The pigmented variant of OSCC is rare, and has been described in some of the few cases available in the literature, representing 0.01% to 7% of all the cases of OSCC6, presenting the same biologic behavior as the non-pigmented variant5,6. The pigmentation present in the tumor results from a larger deposition of melanin in the neoplastic cells, suggesting a possible stimulus of tumor cells for the proliferation and deposition by melanocytes present in the region7,8.

In the literature, the involvement of OSCC with other pigmented malignancies has also been related, such as oral melanoma, which is a rare malignant neoplasm arising from melanocytes present in the oral cavity9,10. However, there are no reports demonstrating involvement of OSCC with benign neoplasms of melanocytic origin, such as blue cell nevus, which is a benign melanocytic lesion shown mainly in women, with the palate being the most affected anatomic site in the oral cavity, exhibiting variation from a blue to blackened color11. Histopathologically, blue cell nevus exhibits fusiform cells disposed parallel to the epithelial tissue, exhibiting a brownish cytoplasmic pigmentation similar to that of melanin12.

Based on this context, the aim of this report was to relate the first case of involvement of an OSCC with blue cell nevus in the palate.


The patient, a 54 year-old, black woman, sought the Stomatology Service of the Napoleão Laureano Hospital, an oncology reference in the State of Paraíba, Brazil. The patient complained of a "dark spot in the palate" that spontaneously and sporadically bleed, with a 4-year history of evolution. The patient reported no smoking and no drinking. Intraoral examination revealed an intense brown spot in the soft palate, next to right tonsil, measuring approximately 15 mm in its largest diameter. Whitish area surrounded by reddish zone, in left side to brown spot, was too observed (Fig. 1).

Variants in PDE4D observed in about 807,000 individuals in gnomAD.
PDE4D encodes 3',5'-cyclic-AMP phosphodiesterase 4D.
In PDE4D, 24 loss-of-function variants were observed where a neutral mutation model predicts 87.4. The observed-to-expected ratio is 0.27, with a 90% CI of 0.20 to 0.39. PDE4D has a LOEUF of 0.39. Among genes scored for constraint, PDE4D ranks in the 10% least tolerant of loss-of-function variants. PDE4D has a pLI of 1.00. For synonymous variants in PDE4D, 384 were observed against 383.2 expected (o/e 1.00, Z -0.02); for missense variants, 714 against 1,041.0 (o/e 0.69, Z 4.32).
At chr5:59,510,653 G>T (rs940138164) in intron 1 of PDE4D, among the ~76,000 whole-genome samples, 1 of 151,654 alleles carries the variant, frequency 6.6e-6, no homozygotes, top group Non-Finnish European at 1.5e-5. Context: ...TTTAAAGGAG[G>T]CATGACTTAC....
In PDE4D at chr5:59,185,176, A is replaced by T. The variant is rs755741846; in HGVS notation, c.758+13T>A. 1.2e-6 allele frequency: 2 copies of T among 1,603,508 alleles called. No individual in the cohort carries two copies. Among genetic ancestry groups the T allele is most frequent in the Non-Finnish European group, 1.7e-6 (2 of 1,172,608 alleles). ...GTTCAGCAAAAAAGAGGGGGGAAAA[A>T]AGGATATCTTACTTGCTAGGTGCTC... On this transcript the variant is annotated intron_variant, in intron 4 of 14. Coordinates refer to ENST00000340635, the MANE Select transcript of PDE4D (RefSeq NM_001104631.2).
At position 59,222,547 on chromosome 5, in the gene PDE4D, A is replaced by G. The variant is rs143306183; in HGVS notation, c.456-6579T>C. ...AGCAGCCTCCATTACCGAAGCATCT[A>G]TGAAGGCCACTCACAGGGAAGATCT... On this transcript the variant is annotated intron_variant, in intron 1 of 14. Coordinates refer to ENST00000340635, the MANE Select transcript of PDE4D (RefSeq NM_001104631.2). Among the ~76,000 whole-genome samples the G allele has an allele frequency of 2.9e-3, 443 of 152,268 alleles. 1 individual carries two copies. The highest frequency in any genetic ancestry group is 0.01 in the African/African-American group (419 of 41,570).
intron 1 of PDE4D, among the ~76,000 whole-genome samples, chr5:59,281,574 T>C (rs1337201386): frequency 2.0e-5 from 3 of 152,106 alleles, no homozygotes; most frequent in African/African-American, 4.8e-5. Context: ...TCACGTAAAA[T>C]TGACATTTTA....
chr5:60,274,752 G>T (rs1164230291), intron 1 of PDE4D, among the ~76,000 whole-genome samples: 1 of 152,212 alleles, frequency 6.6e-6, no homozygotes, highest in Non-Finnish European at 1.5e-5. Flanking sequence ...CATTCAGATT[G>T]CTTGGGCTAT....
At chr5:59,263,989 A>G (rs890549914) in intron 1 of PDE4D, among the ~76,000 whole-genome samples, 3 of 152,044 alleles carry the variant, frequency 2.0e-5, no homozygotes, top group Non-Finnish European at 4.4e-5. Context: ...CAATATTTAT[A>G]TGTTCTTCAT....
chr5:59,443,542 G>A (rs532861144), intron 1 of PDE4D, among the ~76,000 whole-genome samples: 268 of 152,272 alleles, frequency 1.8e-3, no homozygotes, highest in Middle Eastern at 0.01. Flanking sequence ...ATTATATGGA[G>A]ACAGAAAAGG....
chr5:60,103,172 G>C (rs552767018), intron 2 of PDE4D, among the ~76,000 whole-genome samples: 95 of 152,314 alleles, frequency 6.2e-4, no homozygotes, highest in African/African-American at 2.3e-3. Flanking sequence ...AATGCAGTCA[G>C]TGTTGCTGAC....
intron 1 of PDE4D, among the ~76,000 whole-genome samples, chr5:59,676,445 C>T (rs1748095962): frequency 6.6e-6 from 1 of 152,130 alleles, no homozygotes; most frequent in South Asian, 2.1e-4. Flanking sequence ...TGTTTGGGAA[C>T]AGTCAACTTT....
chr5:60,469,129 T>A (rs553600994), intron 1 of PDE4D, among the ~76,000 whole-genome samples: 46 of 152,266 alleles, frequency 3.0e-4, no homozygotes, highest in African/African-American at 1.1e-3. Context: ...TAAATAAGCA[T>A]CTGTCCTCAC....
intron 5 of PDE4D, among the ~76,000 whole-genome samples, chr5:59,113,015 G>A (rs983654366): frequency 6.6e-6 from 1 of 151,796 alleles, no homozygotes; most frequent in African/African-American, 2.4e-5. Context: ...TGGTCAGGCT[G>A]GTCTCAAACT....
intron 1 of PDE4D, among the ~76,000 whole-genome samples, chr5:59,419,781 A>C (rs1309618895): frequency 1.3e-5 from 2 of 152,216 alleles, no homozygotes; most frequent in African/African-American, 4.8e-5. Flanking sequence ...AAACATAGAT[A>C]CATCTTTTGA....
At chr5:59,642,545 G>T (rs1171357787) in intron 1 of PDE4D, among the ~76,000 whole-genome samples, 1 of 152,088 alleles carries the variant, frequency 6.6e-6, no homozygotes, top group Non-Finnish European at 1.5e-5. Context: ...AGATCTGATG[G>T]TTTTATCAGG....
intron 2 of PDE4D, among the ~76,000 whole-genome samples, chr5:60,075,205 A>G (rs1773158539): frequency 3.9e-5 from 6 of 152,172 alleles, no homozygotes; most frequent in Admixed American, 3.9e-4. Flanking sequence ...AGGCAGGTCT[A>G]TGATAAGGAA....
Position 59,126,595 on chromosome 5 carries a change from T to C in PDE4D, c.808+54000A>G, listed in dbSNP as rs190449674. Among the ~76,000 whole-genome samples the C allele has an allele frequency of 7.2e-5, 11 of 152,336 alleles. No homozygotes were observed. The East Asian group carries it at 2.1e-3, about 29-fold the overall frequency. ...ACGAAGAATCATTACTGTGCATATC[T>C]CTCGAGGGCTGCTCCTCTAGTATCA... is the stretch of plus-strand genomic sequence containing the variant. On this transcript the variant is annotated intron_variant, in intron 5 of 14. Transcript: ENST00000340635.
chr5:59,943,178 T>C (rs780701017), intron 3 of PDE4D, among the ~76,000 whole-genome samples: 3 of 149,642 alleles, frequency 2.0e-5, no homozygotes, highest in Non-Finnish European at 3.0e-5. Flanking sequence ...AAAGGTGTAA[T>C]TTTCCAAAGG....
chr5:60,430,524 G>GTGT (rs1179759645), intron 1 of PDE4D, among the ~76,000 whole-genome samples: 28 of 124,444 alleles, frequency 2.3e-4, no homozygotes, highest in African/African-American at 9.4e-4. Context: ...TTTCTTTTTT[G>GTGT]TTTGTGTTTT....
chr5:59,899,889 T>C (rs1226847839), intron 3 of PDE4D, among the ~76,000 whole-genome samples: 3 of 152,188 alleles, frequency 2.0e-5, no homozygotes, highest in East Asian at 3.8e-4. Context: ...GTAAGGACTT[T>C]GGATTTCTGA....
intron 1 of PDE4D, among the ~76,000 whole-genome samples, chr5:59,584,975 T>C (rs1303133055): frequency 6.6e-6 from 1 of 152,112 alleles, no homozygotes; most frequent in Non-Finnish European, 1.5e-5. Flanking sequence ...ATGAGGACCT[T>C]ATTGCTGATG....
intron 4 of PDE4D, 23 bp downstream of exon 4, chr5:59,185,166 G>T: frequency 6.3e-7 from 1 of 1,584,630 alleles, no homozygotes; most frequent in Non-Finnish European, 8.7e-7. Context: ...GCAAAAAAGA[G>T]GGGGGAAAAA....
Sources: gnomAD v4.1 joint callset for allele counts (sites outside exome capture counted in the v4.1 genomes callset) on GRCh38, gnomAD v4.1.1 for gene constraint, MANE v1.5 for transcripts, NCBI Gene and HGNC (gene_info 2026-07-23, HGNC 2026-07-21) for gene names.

Figure 1. Intraoral clinical aspect of brown spot in the soft palate, next to right tonsil, and whitish area surrounded by reddish zone.

Neck lymph nodes were not painful on palpation. No radiographic changes were observed. Based on clinical findings, the diagnostic hypothesis was oral melanoma. An incisional biopsy and histopathological exam were performed, with use of the routine hematoxylin and eosin staining technique showed proliferation of atypical epidermal cells in groups of nests and islands in a stroma made up of dense fibrous connective tissue. Individually, atypical cells showed hyperchromatic nuclei, nuclear pleomorphism and increase in the nucleus/cytoplasm (Fig. 2A).

Figure 2. (A) Photomicrograph showed invasive oral squamous cell carcinoma with a solid invasion pattern (HE, x40). (B) Photomicrograph showed atypical cells with hyperchromatic and pleomorphic nucleus, and loss of epithelial stratification. In the adjacent lamina propria ovoid and spindle-shaped cells were observed, with brown cytoplasmic pigment, compatible with melanin (HE, x100). (C) Strong cytoplasmic staining in cytoplasm of keratinocyte for pan Cytokeratins, AE1/AE3 (Advanced, x100). (D) Strong staining for pigmented cells for antibody S-100 (Advanced, x100). (E) Immunoexpression for anti-Melan-A (Advanced, x100). (F) Weak expression of pigmented cells for HMB-45 (Advanced, x100).